Sunday, April 4, 2010

To advetise on internet tv or not?

As advertising on traditional TV continues and increase, so might advertising on web television. Each network and show has created a website episodes for viewing- just in case you missed it. In addition to watching your show, you will also be 'forced' to watch commercials before, during and after the show. But the question is, should the amount of advertising on web television equal the amount of advertising now showing on traditional TV? This might be the case, since viewers are turning over to web television for reasons of convenience, and even because of fewer interruptions due to advertising.

"Internet TV has the potential to be the most powerful ad-supported medium ever created if we learn to leverage the strengths of both television and the internet. Give it a chance. "

At the expense to its viewers (some may say), networks plan to increase the amount of advertising to equal traditional advertising. The key for them is to create advertising or change/modify the advertising to intise the viewer to the message quickly.

For now, enjoy web television until advertising takes over.

Thursday, April 1, 2010

Despite bells and whistles, the device misses the 'fun factor.'

Call it a matter of touch-screen envy, but many BlackBerry users are starting to feel the 24-month-contract itch.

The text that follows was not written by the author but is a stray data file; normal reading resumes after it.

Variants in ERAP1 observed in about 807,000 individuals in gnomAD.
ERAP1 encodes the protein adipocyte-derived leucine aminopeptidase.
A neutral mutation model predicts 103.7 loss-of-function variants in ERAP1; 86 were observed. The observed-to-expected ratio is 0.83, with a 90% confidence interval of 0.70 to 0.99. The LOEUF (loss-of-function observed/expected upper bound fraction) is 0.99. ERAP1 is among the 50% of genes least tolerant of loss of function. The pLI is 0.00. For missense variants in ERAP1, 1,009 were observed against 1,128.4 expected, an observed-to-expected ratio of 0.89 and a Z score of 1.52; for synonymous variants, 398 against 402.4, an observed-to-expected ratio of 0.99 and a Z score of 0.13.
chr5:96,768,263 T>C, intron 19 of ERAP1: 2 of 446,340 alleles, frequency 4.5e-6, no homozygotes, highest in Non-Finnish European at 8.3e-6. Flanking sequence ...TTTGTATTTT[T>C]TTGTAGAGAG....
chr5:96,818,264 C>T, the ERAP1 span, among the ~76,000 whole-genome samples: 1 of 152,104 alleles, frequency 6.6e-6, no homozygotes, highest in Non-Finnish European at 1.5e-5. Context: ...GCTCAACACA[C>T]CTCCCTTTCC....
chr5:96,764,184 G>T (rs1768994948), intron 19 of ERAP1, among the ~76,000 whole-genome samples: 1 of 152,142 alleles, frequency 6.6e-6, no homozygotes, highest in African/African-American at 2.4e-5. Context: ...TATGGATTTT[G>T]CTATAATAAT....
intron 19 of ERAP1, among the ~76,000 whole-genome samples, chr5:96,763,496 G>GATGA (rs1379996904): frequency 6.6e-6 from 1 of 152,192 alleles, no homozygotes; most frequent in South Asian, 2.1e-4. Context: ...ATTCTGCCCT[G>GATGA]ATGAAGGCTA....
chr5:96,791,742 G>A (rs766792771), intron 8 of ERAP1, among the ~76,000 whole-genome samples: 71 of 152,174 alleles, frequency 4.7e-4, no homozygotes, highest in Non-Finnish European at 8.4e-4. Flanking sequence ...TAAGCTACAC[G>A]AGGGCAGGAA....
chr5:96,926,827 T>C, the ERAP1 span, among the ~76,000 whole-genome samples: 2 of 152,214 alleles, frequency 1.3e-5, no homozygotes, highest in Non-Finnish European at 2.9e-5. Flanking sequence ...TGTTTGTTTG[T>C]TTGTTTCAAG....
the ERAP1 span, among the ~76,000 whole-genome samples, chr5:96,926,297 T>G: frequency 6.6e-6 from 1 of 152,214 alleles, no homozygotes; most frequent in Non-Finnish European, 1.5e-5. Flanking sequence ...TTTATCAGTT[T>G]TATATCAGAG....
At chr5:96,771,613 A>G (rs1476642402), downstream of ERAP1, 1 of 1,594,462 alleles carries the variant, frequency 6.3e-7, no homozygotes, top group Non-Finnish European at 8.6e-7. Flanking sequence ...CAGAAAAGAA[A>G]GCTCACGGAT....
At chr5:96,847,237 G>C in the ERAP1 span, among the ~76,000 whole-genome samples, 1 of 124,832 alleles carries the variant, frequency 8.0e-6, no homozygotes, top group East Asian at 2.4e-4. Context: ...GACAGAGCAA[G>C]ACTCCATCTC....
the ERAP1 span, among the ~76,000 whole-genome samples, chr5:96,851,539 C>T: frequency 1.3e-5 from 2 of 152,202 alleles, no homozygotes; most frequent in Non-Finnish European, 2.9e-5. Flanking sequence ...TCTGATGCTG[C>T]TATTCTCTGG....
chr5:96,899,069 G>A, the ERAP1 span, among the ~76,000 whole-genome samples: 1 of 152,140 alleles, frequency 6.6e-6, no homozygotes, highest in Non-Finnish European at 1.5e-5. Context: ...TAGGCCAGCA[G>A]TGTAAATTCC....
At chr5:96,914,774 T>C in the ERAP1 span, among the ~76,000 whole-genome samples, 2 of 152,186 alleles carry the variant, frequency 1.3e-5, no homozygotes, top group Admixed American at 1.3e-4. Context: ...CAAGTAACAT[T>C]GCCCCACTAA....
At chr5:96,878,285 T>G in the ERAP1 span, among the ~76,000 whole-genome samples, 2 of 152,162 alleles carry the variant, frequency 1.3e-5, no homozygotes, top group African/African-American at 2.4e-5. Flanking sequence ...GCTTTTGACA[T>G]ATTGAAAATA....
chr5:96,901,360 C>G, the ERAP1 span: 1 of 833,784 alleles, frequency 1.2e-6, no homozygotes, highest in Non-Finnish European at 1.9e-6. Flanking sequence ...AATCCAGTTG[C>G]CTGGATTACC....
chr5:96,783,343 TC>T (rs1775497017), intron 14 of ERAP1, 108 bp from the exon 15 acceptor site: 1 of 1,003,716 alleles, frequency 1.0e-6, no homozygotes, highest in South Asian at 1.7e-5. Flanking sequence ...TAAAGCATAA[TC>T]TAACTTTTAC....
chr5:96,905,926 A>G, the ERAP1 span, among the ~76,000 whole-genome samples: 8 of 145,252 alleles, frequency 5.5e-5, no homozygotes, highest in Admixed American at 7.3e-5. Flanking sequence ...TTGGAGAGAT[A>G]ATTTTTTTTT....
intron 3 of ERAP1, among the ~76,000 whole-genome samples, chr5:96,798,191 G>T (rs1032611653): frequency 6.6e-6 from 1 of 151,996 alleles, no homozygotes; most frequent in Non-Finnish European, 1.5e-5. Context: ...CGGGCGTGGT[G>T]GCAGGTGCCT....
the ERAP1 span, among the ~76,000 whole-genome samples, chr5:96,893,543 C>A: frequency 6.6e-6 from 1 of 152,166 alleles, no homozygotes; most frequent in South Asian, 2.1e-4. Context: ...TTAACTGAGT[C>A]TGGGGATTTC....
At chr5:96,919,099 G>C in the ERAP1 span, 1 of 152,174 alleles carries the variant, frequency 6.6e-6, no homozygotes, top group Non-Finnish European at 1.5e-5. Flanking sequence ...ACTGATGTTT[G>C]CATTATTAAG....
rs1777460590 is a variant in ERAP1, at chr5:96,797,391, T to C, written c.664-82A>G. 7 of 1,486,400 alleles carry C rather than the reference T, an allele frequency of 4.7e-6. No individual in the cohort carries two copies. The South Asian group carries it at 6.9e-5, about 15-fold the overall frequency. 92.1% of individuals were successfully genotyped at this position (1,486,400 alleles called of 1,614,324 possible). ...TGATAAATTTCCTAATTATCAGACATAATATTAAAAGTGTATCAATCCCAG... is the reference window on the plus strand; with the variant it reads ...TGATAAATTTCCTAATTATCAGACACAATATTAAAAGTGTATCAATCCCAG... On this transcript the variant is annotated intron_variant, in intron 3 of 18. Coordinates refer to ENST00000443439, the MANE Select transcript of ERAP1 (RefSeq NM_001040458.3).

And they're willing to switch to Apple Inc.'s (AAPL) iPhone or Google Inc.'s (GOOG) Nexus One, according to a recent study.

Conducted by the online market researchers Crowd Science, the survey results show that Research in Motion (RIMM) BlackBerry users are more likely to abandon the brand than iPhone or Android users. When asked of the likelihood of buying a particular brand of cell phone or smartphone if the purchase was made the following day, 39% of BlackBerry owners said they "definitely or probably would" nab an iPhone. And roughly one-third of the participants claimed they'd snatch up an Android phone.

Crowd Science Chief Executive John Martin addressed the study in the company blog. "These results show that the restlessness of BlackBerry users with their current brand hasn't just been driven by the allure of iPhone." He added, "Rather, BlackBerry as a brand just isn't garnering the loyalty seen with other mobile operating systems."

iPhone, Droid and BlackBerry.

So what's the allure of the competitors? Why are BlackBerry users more willing to jump ship?

BlackBerry has long been the choice of tech-savvy executives who are wirelessly tethered to their jobs. But as evidenced in the study, only 7% of BlackBerry owners still use their device exclusively for work. For years, the smartphone has ceased to be merely associated with work -- an evolution that Apple played a large role in influencing. However, the BlackBerrys, the Palm Treos, and the Windows Mobile devices never successfully adopted the veneer of "recreational smartphones" nearly as well as Apple or Android.

Put simply, iPhones, Droids, and Nexus Ones just look like more fun. And as the "fun factor" became a significant reason why smartphones became as popular as they did, any manufacturer still focusing on the business aspects fell out of favor with users.

What's the appeal of a physical keyboard if the iPhone can remember where you parked? Why use Microsoft Exchange when the Droid works seamlessly with Gmail -- a service more businesses are using anyway? Is there a point to waiting for a BlackBerry version of an app that has dozens of variants available in the App Store or Android Market?

Unless a new BlackBerry device sheds the brand's stodgy work image, RIMM is going to miss out on all the fun -- and customer